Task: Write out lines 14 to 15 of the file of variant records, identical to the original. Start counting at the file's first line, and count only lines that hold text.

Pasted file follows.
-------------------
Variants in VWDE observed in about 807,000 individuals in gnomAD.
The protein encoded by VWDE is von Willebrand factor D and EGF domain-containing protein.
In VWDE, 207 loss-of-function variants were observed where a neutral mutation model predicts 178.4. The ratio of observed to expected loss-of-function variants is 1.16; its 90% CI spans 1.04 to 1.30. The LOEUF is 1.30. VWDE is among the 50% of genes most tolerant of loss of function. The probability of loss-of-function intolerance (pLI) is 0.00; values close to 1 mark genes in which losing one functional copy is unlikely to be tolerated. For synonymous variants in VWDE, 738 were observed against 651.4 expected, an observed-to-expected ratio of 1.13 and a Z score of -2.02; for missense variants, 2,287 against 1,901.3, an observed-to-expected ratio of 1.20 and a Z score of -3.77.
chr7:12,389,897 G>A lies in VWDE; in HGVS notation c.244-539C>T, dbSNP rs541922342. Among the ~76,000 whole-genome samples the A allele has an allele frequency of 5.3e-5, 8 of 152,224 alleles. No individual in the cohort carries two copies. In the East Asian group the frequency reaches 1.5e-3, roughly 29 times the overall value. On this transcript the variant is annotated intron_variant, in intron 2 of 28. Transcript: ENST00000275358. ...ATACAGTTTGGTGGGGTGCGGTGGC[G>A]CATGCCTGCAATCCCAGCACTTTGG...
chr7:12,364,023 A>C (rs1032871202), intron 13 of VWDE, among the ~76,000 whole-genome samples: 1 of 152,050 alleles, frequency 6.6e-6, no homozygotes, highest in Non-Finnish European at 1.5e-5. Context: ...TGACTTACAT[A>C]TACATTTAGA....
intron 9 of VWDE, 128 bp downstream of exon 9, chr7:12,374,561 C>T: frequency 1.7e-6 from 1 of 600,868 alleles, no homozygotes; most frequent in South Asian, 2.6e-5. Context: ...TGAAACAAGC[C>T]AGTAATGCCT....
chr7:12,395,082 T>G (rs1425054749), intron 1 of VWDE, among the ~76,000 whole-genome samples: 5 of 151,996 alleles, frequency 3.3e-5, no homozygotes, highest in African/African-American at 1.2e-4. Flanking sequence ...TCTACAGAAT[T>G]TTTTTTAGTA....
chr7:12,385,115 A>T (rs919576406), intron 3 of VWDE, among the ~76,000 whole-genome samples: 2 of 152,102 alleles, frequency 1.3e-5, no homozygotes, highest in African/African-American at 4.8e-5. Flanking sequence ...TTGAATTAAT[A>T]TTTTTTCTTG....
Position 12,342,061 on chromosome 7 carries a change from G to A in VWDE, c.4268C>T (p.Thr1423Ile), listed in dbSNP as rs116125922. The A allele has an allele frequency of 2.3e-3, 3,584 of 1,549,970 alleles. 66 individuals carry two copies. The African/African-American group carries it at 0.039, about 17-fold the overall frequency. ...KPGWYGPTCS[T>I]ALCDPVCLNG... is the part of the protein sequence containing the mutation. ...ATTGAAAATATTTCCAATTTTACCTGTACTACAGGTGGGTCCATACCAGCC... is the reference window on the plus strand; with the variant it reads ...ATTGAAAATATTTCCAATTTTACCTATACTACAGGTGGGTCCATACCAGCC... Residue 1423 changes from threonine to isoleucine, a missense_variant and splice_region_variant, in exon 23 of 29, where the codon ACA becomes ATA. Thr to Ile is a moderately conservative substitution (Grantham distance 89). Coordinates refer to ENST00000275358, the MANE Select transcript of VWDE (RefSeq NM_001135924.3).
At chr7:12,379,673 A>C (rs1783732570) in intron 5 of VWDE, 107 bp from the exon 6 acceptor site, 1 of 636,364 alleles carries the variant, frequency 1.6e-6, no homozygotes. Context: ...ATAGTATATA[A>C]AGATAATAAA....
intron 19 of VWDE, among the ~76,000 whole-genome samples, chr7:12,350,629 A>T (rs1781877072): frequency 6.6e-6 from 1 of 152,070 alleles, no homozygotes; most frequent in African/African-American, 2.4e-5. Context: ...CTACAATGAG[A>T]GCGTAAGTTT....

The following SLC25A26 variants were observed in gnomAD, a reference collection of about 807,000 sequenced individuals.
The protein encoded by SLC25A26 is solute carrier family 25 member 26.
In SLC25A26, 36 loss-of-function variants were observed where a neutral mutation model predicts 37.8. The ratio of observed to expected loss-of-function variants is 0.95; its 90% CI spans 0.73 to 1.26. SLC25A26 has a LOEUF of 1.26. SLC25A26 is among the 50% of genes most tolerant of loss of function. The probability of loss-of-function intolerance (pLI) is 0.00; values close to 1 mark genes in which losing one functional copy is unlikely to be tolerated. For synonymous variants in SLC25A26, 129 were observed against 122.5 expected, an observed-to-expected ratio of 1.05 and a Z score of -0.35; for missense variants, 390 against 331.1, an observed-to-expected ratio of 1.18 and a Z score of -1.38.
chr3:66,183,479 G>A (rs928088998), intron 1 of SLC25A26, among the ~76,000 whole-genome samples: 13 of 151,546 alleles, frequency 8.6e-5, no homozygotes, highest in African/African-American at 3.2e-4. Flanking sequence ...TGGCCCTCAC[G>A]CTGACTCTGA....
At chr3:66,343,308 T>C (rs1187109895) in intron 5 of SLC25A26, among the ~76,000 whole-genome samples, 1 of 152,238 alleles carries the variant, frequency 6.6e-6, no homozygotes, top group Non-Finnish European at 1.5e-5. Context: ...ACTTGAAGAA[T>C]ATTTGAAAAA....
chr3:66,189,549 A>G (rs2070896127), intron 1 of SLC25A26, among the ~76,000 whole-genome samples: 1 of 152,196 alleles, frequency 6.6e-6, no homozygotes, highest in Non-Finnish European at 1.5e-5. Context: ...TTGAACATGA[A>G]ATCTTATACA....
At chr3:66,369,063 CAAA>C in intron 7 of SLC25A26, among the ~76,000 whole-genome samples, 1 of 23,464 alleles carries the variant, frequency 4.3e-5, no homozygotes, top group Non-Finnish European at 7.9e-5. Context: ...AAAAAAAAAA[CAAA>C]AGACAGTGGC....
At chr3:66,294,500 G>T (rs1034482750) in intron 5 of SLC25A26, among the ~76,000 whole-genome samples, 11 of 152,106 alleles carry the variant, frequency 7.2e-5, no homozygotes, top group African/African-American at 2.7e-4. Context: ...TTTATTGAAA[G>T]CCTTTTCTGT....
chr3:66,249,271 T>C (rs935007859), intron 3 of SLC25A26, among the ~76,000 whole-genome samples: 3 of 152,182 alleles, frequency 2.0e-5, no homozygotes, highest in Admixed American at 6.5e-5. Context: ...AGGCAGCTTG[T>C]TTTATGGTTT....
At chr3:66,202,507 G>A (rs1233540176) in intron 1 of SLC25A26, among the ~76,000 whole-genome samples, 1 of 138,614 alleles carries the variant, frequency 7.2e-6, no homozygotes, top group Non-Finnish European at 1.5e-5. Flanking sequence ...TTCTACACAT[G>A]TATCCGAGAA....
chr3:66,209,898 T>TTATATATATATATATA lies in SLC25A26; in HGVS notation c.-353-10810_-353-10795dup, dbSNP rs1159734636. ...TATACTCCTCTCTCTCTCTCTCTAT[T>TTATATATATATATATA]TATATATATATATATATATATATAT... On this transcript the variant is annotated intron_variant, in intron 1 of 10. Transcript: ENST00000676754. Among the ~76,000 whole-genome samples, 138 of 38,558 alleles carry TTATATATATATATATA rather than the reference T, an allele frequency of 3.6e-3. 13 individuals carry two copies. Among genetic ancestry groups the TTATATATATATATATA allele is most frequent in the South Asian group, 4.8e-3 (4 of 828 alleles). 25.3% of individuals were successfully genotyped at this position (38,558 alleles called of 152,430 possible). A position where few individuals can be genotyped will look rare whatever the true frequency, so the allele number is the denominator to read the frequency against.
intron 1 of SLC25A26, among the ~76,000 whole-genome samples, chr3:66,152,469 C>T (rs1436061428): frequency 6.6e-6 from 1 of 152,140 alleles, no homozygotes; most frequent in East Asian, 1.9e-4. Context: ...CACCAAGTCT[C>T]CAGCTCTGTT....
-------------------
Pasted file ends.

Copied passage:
In SLC25A26, 36 loss-of-function variants were observed where a neutral mutation model predicts 37.8. The ratio of observed to expected loss-of-function variants is 0.95; its 90% CI spans 0.73 to 1.26. SLC25A26 has a LOEUF of 1.26. SLC25A26 is among the 50% of genes most tolerant of loss of function. The probability of loss-of-function intolerance (pLI) is 0.00; values close to 1 mark genes in which losing one functional copy is unlikely to be tolerated. For synonymous variants in SLC25A26, 129 were observed against 122.5 expected, an observed-to-expected ratio of 1.05 and a Z score of -0.35; for missense variants, 390 against 331.1, an observed-to-expected ratio of 1.18 and a Z score of -1.38.
chr3:66,183,479 G>A (rs928088998), intron 1 of SLC25A26, among the ~76,000 whole-genome samples: 13 of 151,546 alleles, frequency 8.6e-5, no homozygotes, highest in African/African-American at 3.2e-4. Flanking sequence ...TGGCCCTCAC[G>A]CTGACTCTGA....